On April 11, 1814, Napoleon was exiled to Elba after he was forced to abdicate as Emperor of France. Learn the truth about Napoleon, “The Little Corporal,” from his real height to his failure after invading Russia and how he might have died...
Napoleon Wasn’t Short Napoleon was actually tall for this period of history, and although he is commonly reported as having been 5’2” inches tall, this was measured in French units. By modern standards, he would have been about 5’7”, while the average Frenchman of the day was 5’5”. One thing that might have added to the myth is that his guards were a lot larger than he was, which is where he may have gotten his nickname, “The Little Corporal.”
He Was Once Arrested for Treason Following the French “Reign of Terror,” Napoleon was arrested on suspicion of treason after he was praised by Augustin Robespierre, who happened to be the brother of the French leader associated with the French Revolution. Napoleon was released after several weeks after the investigation went nowhere and never lost his position in the army. Following this, he was involved in repelling an attack by royalists on Paris, and then went on to lead France’s conquest of the northern part of Italy, which raised his prominence in France.
Napoleon Staged a Coup to Take Over Control of France The French Revolution wasn’t a stranger to coups d’état, but the last was conducted by Napoleon after he returned to France in October 1799 following a military campaign in Egypt. The plot to overthrow the government included high-level officials, and on November 9, they, along with Napoleon, overthrew the Directory that was in charge of running the country. After an actual fight in the legislature, troops cleared the building and the new government was set up with Napoleon as first consul.
Napoleon’s Luck Ran Out in 1812 Napoleon scored numerous military victories, but he ran out of luck in 1812 when he invaded Russia supposedly to punish the czar for refusing to comply with the British trade embargo. Napoleon’s army, estimated at between 450,000 and 650,000 troops, moved through the country as the Russians retreated, burning everything behind them. By the time the French reached Moscow, which the Russians had torched also, Napoleon had realized that his troops, already decimated by disease and desertions, would not survive there over the winter. When the French army tried to leave Russia, the number of troops was down to just a fraction of what it was before because the Russians followed, attacking the French rear and flanks, and the difficult weather and lack of supplies did the rest.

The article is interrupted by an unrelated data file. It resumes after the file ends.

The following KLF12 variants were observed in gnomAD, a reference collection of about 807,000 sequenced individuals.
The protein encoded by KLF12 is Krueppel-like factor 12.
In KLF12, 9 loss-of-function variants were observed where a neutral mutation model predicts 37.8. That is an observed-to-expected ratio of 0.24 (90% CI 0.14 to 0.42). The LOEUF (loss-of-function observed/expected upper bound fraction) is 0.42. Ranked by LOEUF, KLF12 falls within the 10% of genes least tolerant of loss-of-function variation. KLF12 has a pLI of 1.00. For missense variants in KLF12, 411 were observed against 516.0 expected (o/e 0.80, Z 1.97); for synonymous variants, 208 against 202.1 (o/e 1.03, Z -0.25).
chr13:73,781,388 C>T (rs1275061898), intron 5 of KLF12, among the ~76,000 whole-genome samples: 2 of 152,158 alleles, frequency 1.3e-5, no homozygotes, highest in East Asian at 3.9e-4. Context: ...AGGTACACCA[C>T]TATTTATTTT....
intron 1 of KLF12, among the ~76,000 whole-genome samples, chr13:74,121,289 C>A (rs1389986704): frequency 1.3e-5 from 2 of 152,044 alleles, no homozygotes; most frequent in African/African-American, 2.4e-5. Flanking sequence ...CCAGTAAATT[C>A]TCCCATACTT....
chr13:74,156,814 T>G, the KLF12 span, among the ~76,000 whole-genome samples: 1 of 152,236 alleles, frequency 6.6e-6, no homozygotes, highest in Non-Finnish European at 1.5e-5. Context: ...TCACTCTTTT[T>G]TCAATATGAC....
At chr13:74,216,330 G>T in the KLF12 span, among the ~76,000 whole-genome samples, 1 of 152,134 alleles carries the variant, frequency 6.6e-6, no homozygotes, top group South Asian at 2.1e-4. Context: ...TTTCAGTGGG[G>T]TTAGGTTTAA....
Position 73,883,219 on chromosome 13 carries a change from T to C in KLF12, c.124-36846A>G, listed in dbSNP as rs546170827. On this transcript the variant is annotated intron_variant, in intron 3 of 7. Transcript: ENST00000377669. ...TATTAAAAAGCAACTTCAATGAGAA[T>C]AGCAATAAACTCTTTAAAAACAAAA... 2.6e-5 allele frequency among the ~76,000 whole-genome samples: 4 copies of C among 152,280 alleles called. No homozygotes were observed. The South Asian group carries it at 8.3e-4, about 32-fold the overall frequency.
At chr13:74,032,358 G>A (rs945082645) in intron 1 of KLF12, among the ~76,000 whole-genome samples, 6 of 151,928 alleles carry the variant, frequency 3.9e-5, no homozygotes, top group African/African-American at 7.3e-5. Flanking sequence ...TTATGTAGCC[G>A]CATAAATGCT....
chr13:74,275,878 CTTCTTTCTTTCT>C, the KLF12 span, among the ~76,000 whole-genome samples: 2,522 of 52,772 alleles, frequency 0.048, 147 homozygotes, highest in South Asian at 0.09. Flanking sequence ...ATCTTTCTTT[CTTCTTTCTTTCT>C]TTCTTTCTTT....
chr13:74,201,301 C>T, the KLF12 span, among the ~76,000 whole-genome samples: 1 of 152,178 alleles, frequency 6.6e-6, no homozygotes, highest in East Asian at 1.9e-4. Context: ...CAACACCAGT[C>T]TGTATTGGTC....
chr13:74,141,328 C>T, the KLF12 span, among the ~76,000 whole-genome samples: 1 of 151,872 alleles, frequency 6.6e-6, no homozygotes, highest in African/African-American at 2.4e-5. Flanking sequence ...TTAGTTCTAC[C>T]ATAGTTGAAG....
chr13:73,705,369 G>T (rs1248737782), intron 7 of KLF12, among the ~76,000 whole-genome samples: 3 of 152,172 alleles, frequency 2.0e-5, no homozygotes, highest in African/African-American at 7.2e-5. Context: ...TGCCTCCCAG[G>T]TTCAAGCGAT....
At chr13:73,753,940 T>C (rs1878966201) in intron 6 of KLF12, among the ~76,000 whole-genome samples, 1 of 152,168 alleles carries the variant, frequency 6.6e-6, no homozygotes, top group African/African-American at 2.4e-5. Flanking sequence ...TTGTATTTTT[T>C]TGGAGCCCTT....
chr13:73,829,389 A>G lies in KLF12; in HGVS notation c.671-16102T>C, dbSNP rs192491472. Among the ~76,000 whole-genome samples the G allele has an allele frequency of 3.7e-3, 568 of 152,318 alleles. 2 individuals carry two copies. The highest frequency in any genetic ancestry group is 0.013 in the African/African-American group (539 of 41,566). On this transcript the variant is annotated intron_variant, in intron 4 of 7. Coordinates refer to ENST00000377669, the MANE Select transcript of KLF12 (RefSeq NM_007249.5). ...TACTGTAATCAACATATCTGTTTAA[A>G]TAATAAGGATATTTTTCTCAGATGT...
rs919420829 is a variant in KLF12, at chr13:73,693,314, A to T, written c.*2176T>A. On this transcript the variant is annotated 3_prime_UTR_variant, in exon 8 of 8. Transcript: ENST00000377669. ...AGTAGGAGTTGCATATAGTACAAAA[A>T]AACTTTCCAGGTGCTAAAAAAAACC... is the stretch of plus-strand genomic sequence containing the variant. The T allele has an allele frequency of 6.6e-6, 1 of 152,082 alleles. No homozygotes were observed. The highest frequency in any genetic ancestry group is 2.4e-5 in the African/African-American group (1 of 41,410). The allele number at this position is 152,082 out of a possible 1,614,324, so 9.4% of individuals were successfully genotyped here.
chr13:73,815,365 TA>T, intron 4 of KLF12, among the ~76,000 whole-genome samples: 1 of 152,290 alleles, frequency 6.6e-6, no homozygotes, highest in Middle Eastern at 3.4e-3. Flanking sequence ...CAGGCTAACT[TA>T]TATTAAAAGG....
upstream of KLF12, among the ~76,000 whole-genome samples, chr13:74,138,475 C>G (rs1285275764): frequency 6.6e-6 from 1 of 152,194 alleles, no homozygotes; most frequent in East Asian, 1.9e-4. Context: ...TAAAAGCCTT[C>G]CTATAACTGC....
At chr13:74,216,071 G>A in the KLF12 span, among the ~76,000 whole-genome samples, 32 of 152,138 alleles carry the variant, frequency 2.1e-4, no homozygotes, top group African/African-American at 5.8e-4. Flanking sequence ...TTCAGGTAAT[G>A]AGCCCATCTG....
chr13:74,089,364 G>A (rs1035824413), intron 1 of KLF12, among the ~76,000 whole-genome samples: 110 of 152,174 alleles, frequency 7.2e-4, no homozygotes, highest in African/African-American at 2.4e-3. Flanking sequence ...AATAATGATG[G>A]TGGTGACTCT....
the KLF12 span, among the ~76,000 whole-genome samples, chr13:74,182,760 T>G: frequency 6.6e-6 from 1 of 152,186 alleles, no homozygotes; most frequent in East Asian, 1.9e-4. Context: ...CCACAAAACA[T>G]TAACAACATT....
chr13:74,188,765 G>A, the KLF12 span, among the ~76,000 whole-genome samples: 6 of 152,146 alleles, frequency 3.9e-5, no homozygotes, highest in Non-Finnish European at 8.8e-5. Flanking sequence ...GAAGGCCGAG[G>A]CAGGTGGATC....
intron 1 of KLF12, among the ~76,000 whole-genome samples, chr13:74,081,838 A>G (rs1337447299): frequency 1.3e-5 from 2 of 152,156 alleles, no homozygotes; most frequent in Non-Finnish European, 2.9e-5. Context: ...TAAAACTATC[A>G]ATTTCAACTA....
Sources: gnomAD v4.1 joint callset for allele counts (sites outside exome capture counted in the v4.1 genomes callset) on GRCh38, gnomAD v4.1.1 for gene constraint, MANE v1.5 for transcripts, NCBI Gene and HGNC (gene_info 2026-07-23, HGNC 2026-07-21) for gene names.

The Great French Leader Probably Didn’t Die of Poisoning Three weeks before Napoleon died, he wrote out his will, saying that he was dying because he was being murdered by an assassin sent by the English. The rumor that Napoleon was poisoned by arsenic was reinforced when his body was exhumed to rebury it in Paris in 1840. It was found to be in remarkably good condition, and it is known that arsenic slows decomposition. However, another theory suggests that Napoleon’s exposure to arsenic might have come from the wallpaper at the prison where he was incarcerated because green wallpapers, which were popular during the 19th century, contained arsenic as a way to get the bright color.